About Mary Lynn O'Shea
As a child I was always making things. I took every art class I could but I was discouraged from attending college by my family and teachers. (something about gender roles of the time) No one in my family had gone to college and my teachers and test scores said that I was not college material. However, I was very stubborn and had a strong will. After high school I had several office and clerical jobs and it only took a summer for me to announce to my parents that I was going to college. Without the proper grades and preparation I could only attend a junior college while living at home and working weekends to pay my own tuition.
For my junior year I transferred to Southern Illinois University where by sheer chance they had an excellent art department. I majored in art education and it was only in my senior year that I discovered my true passion. I had to take a weaving and textile class as part of my course requirements and fell instantly in love. I loved everything about the medium, the tactility, the physicality of the process and most of all the sheer volume of color choices and combinations.
I decided that I wanted to go to graduate school for weaving and was offered an assistantship, my tuition being paid for assisting in the studio. For the next year and a half I lived in the studio and immersed myself in my medium. Upon graduating, I was offered a one-year teaching job in the art education department. The following year I moved to the east coast and taught basic art at the University of Delaware while continuing to look for a job teaching weaving. During a trip to New York I walked into the office of the American Craft Museum and left my slides with a resume. A few months later, I received a call from Goddard College looking for a new professor to head their growing weaving program. I took the position and moved to Vermont where I have been ever since. I ran the program for three years before moving to Middlebury, where I would eventually set up my own studio and business.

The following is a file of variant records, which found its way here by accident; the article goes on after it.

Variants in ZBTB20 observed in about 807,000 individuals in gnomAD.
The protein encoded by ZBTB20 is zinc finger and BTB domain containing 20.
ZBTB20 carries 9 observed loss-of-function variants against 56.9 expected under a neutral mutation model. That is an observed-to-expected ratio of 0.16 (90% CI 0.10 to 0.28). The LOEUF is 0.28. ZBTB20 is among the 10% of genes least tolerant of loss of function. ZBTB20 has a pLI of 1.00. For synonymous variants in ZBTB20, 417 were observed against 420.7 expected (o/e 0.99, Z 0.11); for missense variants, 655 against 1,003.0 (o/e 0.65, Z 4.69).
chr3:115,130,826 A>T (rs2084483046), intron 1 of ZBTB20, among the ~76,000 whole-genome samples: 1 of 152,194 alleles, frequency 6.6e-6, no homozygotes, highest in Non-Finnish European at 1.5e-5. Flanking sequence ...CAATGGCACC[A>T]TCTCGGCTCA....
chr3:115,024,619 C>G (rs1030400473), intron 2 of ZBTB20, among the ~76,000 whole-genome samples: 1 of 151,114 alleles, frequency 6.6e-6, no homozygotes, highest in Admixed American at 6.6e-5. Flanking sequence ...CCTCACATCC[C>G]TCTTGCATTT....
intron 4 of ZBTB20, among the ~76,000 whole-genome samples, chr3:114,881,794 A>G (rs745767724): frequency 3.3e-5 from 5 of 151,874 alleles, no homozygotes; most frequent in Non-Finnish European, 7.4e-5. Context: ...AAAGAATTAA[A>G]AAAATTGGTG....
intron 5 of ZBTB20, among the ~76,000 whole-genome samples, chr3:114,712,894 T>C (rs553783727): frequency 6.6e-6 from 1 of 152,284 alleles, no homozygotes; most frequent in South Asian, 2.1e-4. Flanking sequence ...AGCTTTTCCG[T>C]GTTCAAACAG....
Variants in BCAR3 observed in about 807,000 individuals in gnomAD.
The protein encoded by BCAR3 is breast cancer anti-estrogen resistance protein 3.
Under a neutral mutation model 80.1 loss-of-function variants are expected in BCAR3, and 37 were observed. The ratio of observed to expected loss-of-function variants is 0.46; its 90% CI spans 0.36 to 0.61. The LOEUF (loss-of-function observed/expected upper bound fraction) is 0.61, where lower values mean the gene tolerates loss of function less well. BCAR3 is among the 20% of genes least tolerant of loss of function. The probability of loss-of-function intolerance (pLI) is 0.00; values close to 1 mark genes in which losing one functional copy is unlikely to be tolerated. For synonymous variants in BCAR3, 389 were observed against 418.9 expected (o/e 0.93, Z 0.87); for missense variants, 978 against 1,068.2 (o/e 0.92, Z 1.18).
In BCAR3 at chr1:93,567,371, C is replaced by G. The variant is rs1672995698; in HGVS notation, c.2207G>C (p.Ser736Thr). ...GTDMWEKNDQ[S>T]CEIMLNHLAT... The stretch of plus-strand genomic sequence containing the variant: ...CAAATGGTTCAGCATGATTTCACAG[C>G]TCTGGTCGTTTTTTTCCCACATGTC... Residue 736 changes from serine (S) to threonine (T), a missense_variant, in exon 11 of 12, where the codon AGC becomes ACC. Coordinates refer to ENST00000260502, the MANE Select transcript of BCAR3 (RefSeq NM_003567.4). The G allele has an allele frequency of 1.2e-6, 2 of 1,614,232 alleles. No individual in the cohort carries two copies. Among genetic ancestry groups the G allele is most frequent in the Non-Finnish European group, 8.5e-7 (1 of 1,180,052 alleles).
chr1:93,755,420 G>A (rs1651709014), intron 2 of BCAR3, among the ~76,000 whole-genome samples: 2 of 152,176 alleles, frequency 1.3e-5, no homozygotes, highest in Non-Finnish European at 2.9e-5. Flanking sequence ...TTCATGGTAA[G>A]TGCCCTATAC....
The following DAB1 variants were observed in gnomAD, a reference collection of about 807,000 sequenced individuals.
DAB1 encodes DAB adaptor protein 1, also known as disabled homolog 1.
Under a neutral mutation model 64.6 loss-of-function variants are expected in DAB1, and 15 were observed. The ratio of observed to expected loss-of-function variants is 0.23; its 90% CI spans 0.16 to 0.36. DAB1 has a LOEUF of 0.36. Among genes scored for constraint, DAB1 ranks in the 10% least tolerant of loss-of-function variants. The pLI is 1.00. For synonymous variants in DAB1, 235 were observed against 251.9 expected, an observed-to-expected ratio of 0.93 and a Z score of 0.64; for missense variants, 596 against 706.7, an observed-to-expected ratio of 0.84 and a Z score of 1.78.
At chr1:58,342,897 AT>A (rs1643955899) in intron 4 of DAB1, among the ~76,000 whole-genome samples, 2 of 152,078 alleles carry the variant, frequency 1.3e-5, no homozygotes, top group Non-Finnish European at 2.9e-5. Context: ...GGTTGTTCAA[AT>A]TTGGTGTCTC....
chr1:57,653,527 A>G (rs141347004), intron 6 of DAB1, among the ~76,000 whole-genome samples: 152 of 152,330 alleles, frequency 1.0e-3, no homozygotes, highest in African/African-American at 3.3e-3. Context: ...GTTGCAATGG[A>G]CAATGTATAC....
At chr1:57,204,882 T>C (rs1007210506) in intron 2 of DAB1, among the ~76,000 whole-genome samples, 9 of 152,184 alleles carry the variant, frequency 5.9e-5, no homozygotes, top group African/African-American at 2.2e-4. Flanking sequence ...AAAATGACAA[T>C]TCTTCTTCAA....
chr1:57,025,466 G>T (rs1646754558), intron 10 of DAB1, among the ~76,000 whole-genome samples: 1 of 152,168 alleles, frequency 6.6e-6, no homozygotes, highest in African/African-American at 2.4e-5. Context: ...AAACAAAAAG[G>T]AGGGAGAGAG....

Not many people know that I began my career as a tapestry artist. I have always had an appreciation for nature and a love of flowers and gardening. This passion drove me to weave large-scale floral tapestries. Although I was very dedicated to my work in tapestry and showed in galleries throughout the Unites States, it was very hard to make a living once I left my teaching position. It was at this point that I took my first step into the fashion industry with my line of triangular shawls.
With the shawls I participated in some of the first craft shows in The United States. Throughout my early career I witnessed and participated in a grand resurgence of craft in America. I was amazingly fortunate to be a part of this period of American craft. From weaving shawls, I progressed to a line of hand woven jackets using primarily chenille yarns. As chenille began to rise in popularity within the commercial fabric industry, I began to incorporate select upholstery fabrics into my line of clothing. Soon after, I decided to approach a small family owned textile mill in Pennsylvania to help me create my own line of unique jacquard fabrics. I combed through the archives and was able to revitalize many turn of the century patterns with my knowledge of weaving and distinctive color sense. The result was the upholstery fabrics you see on this website which are the culmination of forty years of working in weaving and color theory.
My career and my success have been founded on experimentation, risk and change. I keep subtly changing my work so that my customers will always find something new.